It is also suggested that this was the colour applied to Lend-Lease Bostons and Mitchells flown by the RAF 1944-45, and the A-20, A-26 , and B-25s used by the USAAF in the Far East Theatre in 1945.

So where does all this leave the modeller? The British Olive Drab, BS 381C No 298 Olive Drab, which might be the same colour as ANA 624 Olive Green, is available from Xtracolor as X28 RN Helo Olive Drab. In FS 595B terms, this is something like FS 5958 33070. Unfortunately Humbrol do not make anything which even comes close to this colour, and it has proved impossible to formulate an accurate mix. ANA 602 Light Gray was joined with ANA 620 Light Gull Gray in TT-C-595 and issued the designation 3635. TT-C-595
3635 became FS 595 36440. It should be noted however that this is the equivalent colour of ANA 620 Light Gull Gray and that the true colour of ANA 602 Light Gray has been 'lost'. The closest modern FS 5958 equivalent to ANA 602 Light Gray, FS 36440 is available from a variety of paint manufacturers. In the Humbrol range it is available as a satin finish (FS 26440) No 129 Satin US Gull Gray and Xtracolor X137 Light Gull Gray.

Note: There were other greens than Dark Green in use for 'foreign camouflaged' aircraft.

Green - The extent and exact use of this colour is uncertain but appears to have been ANA 613 Olive Drab. The colour seems to have been used widely by the British Military as well as the RAF. It was incorporated into BS 987C 'War Emergency Colours' in Nov 1944 as Standard Camouflage Colour No 14. Its most likely use was to paint anti-glare panels on natural metal Mustangs. After the war the colour was retained in BS 987C until the standard was cancelled 1964. It was added to BS 381C in Amendment No 2 to the 1948 edition in May 1949 as No 298 Olive Drab. Closest FS 595 colour is 34130.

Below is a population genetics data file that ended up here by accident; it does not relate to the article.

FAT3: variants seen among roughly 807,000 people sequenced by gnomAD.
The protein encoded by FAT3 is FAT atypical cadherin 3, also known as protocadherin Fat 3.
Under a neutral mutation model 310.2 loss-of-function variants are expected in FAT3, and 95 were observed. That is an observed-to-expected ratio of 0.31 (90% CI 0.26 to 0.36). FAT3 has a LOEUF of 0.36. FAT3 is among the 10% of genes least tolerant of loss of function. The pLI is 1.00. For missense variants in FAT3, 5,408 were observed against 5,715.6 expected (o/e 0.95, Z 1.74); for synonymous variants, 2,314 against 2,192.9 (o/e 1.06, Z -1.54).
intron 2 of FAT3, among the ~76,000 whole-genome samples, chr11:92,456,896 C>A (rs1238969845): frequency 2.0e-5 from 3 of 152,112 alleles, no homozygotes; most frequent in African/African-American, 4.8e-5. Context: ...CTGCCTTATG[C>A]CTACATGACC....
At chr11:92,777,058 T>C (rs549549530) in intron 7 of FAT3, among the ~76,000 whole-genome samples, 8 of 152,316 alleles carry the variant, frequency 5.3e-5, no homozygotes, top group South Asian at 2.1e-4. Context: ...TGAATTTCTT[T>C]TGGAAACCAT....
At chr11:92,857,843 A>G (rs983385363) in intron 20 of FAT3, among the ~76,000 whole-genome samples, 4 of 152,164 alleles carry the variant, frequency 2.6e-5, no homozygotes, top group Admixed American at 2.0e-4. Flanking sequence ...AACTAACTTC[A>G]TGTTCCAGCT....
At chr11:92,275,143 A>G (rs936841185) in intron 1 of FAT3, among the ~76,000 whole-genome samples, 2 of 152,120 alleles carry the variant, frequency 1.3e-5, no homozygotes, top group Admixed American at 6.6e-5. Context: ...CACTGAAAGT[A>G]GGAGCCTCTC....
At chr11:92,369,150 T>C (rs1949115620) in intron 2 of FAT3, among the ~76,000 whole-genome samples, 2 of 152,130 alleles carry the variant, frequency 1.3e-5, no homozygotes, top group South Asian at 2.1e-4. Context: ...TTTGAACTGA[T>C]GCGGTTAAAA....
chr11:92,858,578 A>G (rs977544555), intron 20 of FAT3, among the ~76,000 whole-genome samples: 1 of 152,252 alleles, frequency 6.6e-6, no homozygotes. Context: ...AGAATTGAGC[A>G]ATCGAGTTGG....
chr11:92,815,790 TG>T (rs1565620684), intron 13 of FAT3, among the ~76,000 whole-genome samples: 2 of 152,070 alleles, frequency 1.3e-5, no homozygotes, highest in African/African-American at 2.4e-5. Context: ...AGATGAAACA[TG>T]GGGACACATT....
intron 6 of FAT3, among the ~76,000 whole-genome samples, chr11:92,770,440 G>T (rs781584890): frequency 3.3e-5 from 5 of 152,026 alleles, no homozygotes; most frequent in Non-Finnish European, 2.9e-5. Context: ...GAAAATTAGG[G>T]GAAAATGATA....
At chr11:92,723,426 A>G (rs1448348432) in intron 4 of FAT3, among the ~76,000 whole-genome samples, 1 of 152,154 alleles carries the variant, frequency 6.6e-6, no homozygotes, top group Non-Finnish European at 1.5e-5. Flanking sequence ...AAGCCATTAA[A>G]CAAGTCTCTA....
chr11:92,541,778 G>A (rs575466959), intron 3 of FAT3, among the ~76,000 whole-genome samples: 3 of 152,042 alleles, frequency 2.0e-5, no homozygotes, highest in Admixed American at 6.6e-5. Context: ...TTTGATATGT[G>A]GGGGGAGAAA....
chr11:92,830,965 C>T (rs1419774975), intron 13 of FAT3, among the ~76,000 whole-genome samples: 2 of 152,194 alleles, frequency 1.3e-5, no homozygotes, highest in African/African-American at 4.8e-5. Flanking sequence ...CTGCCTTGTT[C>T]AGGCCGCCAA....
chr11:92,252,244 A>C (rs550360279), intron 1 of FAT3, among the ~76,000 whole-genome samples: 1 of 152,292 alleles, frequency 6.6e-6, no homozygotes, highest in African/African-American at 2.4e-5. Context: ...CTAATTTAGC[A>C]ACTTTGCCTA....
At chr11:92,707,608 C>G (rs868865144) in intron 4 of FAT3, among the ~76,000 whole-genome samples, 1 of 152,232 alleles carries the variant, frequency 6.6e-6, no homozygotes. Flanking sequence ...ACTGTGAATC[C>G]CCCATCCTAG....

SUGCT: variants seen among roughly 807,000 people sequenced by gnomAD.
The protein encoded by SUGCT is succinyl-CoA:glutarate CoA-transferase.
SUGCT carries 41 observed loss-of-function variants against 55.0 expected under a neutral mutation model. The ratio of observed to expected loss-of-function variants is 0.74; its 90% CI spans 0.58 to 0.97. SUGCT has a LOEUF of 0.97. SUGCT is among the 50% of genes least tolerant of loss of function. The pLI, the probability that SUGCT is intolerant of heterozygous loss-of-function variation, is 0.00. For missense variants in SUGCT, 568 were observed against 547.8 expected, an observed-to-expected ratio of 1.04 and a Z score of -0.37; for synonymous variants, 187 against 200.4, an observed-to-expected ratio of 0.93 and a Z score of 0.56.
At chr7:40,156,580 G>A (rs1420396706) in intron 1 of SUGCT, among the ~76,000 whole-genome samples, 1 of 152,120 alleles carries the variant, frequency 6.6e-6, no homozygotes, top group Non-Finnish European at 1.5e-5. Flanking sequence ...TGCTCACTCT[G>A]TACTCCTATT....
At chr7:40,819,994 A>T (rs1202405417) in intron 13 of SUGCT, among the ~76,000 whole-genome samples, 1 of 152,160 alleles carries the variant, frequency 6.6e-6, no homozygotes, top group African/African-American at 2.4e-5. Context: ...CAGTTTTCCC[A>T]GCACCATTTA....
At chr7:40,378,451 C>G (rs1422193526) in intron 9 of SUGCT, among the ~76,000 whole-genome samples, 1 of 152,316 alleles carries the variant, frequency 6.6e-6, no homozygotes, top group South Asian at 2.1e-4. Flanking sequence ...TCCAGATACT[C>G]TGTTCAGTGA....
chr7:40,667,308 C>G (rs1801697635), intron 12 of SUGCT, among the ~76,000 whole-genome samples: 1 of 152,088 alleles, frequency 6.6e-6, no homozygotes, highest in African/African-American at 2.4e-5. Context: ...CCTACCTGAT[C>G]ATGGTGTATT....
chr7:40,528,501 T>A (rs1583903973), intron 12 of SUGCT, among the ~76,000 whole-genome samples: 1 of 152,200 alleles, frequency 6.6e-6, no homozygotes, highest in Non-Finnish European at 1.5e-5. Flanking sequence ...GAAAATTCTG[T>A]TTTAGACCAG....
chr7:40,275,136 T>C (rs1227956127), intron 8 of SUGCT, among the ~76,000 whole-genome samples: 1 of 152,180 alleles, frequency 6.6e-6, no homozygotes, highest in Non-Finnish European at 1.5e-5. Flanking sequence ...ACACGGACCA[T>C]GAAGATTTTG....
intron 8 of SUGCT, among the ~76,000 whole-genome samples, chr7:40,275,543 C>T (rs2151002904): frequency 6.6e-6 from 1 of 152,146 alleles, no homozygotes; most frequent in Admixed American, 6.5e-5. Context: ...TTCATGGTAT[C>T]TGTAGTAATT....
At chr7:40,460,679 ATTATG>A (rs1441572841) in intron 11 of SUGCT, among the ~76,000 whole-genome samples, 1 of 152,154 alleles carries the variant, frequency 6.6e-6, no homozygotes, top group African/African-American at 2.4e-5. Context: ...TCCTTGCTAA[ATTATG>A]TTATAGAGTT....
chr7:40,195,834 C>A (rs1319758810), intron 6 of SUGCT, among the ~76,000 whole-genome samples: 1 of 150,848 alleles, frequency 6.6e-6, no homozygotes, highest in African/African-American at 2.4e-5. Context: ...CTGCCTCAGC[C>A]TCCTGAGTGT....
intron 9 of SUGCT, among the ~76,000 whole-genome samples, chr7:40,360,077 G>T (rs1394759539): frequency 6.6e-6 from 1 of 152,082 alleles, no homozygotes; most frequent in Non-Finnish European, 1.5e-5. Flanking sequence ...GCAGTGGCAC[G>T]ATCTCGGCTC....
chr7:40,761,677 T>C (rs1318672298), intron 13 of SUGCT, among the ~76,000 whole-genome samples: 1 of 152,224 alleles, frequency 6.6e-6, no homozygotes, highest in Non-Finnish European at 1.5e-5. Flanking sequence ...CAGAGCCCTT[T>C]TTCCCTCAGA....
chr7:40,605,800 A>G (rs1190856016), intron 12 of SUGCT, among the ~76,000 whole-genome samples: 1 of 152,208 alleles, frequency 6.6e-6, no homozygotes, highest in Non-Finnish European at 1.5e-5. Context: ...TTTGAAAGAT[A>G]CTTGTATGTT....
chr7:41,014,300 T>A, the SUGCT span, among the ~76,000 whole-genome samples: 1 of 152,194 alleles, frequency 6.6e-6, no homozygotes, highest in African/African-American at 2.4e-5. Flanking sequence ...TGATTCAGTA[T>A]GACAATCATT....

Medium Green. The use an extent of this colour is also unknown. An RAF museum sample appears to match ANA 612. It is likely this colour was used for American aircraft supplied under Lend-Lease. May have been used as the anti-glare finish on the cockpit coaming inside the canopy. It does not appear to have been included in the Ministry of Supply colour range after the war and, as far as is known has never been included in any British Standard. Nearest FS 595 colour is 34092.

phantom_phanatic309
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Posted: Friday, September 21, 2012 - 03:20 AM UTC
Well this has suddenly become more complicated than I thought! I have got a few tins of different olive drabs from humbrol, revell and a few from xtracolor. I'll have a look at which and how they look against each other. I should have something that matches the descriptions given.
I can always put in an order for a tin of RN helo olive if nothing looks right.
Cheers
dmsims
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Posted: Thursday, December 19, 2019 - 10:27 PM UTC
Bit of an old topic I know

The Mitchell shown in the IWM photo marked V is not FR397

It is FW152